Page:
8 Americans, 5 Canadians killed in Afghan bombings

8 Americans, 5 Canadians killed in Afghan bombings

State Department spokesman Ian Kelly said the attack took place on Wednesday on a US military base near the Pakistani border.

In Washington, the dead and at least eight wounded were feared to be mostly Central Intelligence Agency (CIA) workers or intelligence contractors. The attack appeared to be by far the deadliest strike against the US intelligence community in the eight-year war in Afghanistan, The Washington Post reported on its website.

Media reports from Kabul said a suicide bomber wearing an explosive vest carried out the attack.

In another attack on foreigners in southern Afghanistan, four Canadian soldiers and a Canadian journalist were killed on Wednesday in a roadside bombing in Kandahar province, the Canadian Defence Ministry said.

Four soldiers and another civilian were also injured in the blast on an armoured vehicle 4 km south of the provincial capital, also called Kandahar, the ministry said.
The US government was releasing little information about the Khost attack.

A spokesman at US Central Command in Tampa, Florida, the theatre unit of the US military responsible for its operations in Central Asia and the Middle East, confirmed there was an explosion at Forward Operating Base Chapman. None of those killed were military personnel, the spokesman said.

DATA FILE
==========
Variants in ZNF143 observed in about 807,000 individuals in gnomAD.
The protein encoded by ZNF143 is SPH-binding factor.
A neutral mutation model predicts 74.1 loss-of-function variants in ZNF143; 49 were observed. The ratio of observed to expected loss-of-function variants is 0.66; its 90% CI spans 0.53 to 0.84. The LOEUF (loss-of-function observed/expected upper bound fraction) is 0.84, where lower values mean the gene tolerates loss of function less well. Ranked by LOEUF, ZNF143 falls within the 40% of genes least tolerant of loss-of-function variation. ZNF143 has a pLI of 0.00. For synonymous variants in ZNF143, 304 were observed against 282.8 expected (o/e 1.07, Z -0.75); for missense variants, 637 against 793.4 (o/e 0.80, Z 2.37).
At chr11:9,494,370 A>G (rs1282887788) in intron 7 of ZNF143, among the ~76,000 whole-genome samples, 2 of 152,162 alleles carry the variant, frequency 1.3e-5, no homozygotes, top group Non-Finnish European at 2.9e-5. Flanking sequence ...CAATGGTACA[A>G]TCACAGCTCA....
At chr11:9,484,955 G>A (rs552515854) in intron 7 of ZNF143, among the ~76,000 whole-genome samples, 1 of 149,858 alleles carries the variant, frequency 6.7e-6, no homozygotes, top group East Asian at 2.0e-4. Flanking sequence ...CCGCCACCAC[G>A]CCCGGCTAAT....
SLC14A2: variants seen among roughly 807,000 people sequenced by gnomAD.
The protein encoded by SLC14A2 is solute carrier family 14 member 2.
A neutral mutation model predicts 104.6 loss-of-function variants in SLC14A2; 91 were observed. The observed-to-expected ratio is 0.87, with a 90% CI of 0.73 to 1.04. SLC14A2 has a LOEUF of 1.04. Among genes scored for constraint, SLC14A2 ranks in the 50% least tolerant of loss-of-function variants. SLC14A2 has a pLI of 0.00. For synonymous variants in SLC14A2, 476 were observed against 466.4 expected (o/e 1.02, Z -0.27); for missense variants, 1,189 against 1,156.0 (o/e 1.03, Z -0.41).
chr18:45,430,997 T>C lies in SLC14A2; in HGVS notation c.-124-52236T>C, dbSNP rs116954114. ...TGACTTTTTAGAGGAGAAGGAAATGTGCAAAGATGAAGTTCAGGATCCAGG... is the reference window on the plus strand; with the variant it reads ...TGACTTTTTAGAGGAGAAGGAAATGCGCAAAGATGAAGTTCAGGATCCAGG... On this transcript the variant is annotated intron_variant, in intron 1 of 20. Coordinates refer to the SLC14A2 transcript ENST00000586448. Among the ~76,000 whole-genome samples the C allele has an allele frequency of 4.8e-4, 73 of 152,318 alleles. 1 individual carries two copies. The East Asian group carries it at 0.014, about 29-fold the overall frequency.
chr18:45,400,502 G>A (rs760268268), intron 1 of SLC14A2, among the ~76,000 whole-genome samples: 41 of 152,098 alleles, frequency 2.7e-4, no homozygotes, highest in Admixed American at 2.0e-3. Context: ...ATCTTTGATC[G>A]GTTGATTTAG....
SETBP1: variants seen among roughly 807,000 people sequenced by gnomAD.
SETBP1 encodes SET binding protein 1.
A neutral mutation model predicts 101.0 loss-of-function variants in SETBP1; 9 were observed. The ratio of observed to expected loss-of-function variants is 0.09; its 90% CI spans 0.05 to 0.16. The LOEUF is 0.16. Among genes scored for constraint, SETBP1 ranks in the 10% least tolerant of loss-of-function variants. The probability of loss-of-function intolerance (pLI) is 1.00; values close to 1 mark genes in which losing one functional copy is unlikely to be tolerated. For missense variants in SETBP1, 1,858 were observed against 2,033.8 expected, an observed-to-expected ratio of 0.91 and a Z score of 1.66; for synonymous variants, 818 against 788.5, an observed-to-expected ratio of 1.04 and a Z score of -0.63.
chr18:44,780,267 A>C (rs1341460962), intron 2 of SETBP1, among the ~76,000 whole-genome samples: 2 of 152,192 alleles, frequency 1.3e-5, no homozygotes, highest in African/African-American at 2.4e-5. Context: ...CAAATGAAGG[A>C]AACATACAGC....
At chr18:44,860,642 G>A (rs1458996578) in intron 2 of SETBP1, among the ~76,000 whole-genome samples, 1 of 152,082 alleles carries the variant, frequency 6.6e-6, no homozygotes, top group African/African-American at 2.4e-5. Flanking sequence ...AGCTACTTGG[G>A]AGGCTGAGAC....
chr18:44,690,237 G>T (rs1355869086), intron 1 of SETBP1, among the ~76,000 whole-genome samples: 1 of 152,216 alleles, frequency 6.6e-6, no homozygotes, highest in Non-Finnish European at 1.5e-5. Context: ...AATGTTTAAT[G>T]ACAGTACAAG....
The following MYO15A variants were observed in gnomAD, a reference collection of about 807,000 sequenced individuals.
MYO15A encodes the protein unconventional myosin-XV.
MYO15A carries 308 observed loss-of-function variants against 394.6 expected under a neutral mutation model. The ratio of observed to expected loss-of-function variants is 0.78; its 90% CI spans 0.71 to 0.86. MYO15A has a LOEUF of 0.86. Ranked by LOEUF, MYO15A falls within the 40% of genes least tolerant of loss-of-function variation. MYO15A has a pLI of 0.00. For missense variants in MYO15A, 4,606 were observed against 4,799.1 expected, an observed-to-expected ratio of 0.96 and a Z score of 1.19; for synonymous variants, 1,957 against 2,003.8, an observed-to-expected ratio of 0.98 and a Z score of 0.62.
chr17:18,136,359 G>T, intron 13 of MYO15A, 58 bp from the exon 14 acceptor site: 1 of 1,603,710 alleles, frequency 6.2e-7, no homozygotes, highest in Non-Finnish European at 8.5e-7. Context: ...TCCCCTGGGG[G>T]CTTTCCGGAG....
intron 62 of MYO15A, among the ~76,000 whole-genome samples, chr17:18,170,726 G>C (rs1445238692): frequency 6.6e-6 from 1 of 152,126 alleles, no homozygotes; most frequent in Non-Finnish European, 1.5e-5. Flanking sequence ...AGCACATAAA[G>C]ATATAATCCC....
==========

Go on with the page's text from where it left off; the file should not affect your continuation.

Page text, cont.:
The base is reportedly used as an operations and surveillance centre.
"We mourn the loss of life in this attack and are withholding further details pending notification of next of kin," Kelly said.

Four CIA officers are known to have died in Afghanistan since the 2001 US-led offensive to topple the then-ruling Taliban movement.

The Canadian government was also withholding the names of the soldiers killed in the Kandahar attack until their families were contacted, but the journalist's newspaper, the Calgary Herald, identified her as Michelle Lang, 34.

Lang was embedded with Canadian troops in southern Afghanistan, reporting on their mission in the insurgency-plagued region, and was on patrol with a convoy when she died, it said.

She was the first Canadian journalist to die during the most recent Afghan conflict, the Herald said.

She had arrived on her first trip to Afghanistan in mid-December for what had been planned as a six-week stay after recently becoming engaged, it said.

According to icasualties.org, a website that tracks foreign troop casualties in Afghanistan and Iraq, 138 Canadian soldiers have now been killed in Afghanistan since their deployment there in 2002.

All foreign forces deaths there now total 1,567, the highest number of 949 coming from the United States, it said.